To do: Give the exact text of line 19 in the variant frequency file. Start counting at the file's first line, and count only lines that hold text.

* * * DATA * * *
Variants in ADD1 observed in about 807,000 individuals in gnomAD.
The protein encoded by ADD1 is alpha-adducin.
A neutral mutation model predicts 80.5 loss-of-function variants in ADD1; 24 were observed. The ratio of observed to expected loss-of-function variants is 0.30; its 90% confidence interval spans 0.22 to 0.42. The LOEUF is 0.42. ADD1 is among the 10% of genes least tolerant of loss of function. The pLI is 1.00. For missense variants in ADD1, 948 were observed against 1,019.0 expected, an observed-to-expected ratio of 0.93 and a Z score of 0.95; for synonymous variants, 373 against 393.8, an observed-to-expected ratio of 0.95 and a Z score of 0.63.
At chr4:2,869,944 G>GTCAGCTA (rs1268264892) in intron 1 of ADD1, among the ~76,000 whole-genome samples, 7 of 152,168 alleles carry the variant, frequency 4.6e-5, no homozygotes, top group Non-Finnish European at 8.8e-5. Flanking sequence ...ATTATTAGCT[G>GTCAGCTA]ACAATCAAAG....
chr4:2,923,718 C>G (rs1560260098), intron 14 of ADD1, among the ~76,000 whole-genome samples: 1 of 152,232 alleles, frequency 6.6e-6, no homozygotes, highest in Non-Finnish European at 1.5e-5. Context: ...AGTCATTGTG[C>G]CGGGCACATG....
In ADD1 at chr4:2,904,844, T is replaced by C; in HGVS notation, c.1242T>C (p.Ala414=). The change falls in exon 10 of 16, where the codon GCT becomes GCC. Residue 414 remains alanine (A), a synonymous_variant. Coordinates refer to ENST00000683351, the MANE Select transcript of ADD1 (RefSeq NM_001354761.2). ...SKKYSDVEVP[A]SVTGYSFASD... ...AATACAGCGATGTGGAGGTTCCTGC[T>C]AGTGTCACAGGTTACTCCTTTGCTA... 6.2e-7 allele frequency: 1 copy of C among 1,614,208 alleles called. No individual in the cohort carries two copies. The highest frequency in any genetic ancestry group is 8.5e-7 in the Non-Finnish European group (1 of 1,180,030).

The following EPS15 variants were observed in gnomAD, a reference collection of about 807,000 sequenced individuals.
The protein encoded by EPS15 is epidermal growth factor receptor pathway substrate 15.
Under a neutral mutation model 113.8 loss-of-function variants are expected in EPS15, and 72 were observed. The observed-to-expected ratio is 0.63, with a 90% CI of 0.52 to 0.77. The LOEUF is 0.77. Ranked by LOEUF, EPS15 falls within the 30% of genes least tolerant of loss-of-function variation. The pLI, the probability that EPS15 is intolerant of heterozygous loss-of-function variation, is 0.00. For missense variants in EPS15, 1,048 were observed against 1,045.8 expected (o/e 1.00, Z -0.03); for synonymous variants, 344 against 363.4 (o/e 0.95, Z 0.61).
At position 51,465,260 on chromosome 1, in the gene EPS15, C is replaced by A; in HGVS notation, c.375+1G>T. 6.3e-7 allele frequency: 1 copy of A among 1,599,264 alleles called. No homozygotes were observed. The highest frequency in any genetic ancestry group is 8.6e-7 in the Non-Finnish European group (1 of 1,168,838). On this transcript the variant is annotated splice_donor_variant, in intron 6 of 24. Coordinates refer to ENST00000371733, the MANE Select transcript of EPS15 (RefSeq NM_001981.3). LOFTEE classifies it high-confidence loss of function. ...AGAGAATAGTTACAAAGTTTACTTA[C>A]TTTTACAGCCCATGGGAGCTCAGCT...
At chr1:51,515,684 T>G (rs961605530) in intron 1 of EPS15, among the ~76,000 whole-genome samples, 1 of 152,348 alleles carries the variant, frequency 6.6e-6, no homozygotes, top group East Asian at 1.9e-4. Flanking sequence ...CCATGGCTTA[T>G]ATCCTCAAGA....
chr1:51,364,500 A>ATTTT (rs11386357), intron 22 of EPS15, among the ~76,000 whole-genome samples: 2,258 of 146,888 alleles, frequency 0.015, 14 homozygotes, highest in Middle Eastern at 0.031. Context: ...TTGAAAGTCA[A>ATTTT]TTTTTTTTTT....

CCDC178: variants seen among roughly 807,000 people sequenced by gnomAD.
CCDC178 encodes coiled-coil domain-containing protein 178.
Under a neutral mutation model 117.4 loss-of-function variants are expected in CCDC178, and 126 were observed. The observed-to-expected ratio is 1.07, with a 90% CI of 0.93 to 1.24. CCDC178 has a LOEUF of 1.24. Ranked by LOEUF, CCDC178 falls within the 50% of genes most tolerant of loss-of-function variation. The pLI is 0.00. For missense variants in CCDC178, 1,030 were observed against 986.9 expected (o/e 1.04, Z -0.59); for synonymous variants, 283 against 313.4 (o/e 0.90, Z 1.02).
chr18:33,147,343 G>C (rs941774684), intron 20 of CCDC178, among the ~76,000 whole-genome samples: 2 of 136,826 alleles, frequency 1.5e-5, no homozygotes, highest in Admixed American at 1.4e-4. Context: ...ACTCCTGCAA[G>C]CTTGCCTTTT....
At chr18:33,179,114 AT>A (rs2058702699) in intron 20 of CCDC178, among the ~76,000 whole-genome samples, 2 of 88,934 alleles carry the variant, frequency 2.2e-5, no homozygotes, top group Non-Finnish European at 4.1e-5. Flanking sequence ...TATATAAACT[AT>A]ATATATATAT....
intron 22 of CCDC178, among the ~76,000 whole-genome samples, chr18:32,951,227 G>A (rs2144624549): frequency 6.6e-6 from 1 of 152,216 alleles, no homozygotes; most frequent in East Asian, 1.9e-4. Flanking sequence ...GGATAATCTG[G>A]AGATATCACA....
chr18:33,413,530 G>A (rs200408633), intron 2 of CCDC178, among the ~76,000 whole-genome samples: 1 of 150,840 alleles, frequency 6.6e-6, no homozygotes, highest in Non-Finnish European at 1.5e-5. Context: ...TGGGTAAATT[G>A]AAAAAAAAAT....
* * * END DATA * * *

chr18:33,413,530 G>A (rs200408633), intron 2 of CCDC178, among the ~76,000 whole-genome samples: 1 of 150,840 alleles, frequency 6.6e-6, no homozygotes, highest in Non-Finnish European at 1.5e-5. Context: ...TGGGTAAATT[G>A]AAAAAAAAAT....